When I was a very little kid, my grandparents took me to square-dances with live bands…. UGH! these bass players sounded and played nothing like John Entwistle!! I could not image that the slap and thump of this Bluegrass/Western swing band was the sound of my future, but it was.
I grew up listening and seeing Country, Bluegrass and Western swing bands, so of course I wanted to be in a punk band and that’s just what I did. I should mention here, that punk was brand new, especially in Kentucky. I was 11 and my dad made me watch 60 Minuets to see the punk revolution in England. He explained about how many young kids saw no future and the expression of their frustration was punk rock and pogo dancing.
I was a little kid, playing classical guitar. I got a cheap electric and starting trying to figure things out. My mom noticed that everyone I knew played guitar or drums and suggested I try bass. I reluctantly picked one up at Buddy Rodger’s Music in Florence KY. While trying it out in the shop, local cool kid and musician, Ritt Dietz and in and said, “cool, I didnt know you played bass? You want to be in my band?” I looked at my mom and she nodded. After he left my mom bought me a crappy Kay SG bass, two days later I was at my first band practice. And that led me on a great journey of learning songs, figuring out technical performance things, and running through a ton of gear.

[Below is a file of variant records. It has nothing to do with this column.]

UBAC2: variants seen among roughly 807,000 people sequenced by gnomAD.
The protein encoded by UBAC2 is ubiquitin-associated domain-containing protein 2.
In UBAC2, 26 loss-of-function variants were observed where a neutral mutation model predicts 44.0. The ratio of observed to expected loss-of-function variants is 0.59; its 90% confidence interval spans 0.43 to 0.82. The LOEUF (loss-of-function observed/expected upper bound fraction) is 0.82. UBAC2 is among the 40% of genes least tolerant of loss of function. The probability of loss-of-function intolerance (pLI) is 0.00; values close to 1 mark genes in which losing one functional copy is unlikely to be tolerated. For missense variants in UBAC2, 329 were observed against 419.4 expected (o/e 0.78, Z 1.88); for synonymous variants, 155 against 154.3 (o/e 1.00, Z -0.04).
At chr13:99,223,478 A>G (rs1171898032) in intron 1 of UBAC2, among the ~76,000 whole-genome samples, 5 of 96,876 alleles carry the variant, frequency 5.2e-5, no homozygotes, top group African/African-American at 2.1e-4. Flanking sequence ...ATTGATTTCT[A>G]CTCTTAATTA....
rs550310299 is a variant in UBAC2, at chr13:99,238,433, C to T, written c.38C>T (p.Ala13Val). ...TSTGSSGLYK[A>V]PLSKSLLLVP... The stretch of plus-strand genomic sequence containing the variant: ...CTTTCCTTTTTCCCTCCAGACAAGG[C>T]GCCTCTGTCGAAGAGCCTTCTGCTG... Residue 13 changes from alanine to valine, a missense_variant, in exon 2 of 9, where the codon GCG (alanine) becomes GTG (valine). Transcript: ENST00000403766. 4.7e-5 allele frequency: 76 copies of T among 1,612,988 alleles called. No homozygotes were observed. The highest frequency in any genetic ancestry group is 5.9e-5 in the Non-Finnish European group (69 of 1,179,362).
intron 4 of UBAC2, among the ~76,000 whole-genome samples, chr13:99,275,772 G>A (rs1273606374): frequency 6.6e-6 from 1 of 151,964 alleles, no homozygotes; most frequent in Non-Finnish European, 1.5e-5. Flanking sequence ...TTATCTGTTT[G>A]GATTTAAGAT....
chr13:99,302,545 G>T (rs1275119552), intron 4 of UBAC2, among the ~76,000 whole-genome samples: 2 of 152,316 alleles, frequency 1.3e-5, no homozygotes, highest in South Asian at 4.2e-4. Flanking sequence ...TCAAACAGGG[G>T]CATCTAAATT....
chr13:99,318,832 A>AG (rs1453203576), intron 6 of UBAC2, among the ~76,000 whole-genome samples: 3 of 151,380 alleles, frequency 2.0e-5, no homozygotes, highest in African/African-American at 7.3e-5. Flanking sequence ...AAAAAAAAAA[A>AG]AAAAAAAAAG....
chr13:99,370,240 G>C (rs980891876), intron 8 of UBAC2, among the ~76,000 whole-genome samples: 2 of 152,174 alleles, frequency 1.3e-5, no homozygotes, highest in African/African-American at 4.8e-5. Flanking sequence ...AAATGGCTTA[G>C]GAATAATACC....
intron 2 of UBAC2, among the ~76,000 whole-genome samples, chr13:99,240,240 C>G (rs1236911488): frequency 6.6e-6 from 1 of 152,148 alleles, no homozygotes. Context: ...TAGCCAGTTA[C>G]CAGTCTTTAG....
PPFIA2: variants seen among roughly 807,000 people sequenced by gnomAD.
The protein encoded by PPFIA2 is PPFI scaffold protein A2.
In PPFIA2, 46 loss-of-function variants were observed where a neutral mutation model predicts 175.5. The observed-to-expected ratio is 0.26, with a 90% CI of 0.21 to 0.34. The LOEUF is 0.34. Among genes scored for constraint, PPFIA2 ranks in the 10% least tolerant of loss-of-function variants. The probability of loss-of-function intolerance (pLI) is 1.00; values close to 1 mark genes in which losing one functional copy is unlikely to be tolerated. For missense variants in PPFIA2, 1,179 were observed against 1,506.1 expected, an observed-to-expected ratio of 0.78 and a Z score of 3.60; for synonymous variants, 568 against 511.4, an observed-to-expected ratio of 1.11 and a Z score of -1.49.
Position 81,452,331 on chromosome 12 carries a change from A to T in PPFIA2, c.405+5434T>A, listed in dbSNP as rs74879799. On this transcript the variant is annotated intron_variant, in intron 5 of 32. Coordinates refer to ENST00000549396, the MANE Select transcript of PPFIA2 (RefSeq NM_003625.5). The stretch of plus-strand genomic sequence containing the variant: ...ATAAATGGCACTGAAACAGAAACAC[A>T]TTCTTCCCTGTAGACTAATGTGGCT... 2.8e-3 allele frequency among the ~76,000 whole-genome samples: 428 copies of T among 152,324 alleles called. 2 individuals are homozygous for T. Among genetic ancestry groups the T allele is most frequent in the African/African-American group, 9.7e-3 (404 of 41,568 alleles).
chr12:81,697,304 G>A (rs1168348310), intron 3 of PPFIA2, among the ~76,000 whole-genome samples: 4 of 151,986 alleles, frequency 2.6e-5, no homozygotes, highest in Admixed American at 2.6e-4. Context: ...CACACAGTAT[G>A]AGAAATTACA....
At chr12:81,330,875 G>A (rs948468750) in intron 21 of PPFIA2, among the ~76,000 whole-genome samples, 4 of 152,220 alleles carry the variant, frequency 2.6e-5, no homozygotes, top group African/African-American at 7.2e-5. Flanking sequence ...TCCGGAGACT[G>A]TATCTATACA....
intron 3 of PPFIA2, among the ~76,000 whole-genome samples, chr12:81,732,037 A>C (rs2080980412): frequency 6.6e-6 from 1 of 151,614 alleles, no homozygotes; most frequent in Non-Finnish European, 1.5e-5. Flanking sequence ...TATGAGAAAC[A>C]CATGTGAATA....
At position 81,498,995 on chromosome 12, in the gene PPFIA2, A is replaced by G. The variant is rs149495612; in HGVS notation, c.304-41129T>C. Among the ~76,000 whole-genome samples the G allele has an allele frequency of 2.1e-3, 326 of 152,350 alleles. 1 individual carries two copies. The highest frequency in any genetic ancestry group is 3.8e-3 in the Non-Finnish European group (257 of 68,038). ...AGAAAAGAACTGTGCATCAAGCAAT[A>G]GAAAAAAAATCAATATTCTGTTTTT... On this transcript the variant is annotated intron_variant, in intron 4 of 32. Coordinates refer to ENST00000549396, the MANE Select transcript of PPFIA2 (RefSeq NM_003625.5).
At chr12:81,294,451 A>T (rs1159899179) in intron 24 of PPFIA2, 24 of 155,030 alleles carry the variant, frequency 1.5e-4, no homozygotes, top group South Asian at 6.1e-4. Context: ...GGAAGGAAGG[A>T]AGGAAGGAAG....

In my 20’s I was a bass player and it the 1980’s. It was a time of great advances in basses, gear and players. Duran Duran, Kajagoogoo, Level 42… And my sound was a combination of all of them. I had learned to play like Entwisle and slap style and doing Pino fretless lines… I was going crazy with it. But I should have been spending my time running scales, learning modes and building groove.
But lucky for me, I did my time playing in a wedding band and was forced to learn Motown and classic rock and all that stuff that makes up the best of the fundamentals of bass playing. So, old-school… yup, I started off reeling against the music of my parents, and my older siblings and eventually ended up reeling agains myself to the point of basically giving up the electric bass and only playing the upright. It’s amazing how much one’s mind absorbs early on, especially in music. As I’ve become much older, I’ve actually gone back and studied the old-school stuff and found that I was never playing things right. So,40 years after I started playing bass, I’m just now getting around to really learning how to play the instrument and the songs that I’ve loved all my life.